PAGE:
Economists are still trying to hash out how the country got to this place, where so many jobs pay less, comparatively, and so many workers are struggling to make ends meet. The work of the economist David Autor suggests that automation is partially to blame. His research finds that improvements in technology helped augment a certain class of jobs, making the people in them more productive, while also replacing the more repetitive jobs with computers and machines. That means that the top earners are able to make more money than they were in the past, and that there’s a growing need for people to fill lower-wage jobs that can’t be automated (think janitor or nursing assistant). But the jobs that once built the middle class—bookkeepers, assembly-line workers, call-center employees—have disappeared.
Other economists, such as Thomas Lemieux, argue that a shifting labor landscape is to blame for some of the decline in middle-class wages. As companies outsourced jobs to cheaper locations, U.S. jobs either disappeared or paid less, in order for companies to remain competitive. Additionally, declining union coverage means people who would normally get union wages no longer do, which also puts a downward pressure on non-union wages, since non-union plants no longer have to compete. And because the minimum wage has not kept pace with inflation, Lemieux and others argue, other wages haven’t either. If minimum-wage salaries remain low, other salaries up the income ladder—including those of managers—remain low too.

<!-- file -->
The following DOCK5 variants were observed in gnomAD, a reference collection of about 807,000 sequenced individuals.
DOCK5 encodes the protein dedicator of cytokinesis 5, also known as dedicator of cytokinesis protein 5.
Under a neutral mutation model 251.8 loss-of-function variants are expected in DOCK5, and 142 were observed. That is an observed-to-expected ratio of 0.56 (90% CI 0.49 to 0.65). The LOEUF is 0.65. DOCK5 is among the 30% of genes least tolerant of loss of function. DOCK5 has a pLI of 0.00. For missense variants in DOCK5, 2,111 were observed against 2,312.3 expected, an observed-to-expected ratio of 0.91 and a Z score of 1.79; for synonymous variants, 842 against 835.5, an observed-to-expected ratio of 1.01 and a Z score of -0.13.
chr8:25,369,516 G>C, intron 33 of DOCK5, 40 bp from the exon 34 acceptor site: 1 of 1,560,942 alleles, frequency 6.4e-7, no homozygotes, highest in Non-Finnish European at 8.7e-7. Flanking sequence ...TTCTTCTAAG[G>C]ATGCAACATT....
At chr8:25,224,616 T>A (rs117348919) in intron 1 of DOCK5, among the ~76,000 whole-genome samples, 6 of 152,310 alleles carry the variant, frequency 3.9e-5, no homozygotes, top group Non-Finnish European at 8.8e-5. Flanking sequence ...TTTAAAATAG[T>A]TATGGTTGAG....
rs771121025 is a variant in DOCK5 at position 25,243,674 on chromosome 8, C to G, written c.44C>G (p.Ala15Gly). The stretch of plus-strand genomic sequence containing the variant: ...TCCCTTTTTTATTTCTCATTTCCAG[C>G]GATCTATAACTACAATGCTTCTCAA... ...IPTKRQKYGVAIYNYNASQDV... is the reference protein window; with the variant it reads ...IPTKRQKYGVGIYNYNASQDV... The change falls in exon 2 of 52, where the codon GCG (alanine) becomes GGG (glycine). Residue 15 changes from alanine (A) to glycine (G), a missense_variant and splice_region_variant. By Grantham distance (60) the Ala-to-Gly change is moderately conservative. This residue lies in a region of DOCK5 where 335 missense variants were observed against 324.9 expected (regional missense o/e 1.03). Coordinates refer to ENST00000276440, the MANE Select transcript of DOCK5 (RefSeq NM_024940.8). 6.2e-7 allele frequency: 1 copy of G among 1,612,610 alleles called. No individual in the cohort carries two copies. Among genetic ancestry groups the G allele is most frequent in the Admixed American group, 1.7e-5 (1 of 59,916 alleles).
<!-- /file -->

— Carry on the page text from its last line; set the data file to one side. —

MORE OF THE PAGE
In addition, American companies have become very good at cutting labor costs, said Harry Holzer, a professor of public policy at Georgetown. They turn people who were once full-time employees into contractors, cut back on wages and benefits, and do everything possible to maximize productivity without sharing those gains with the workers. “Employers have become very good at taking the low road, minimizing labor costs, no matter what it takes,” said Holzer.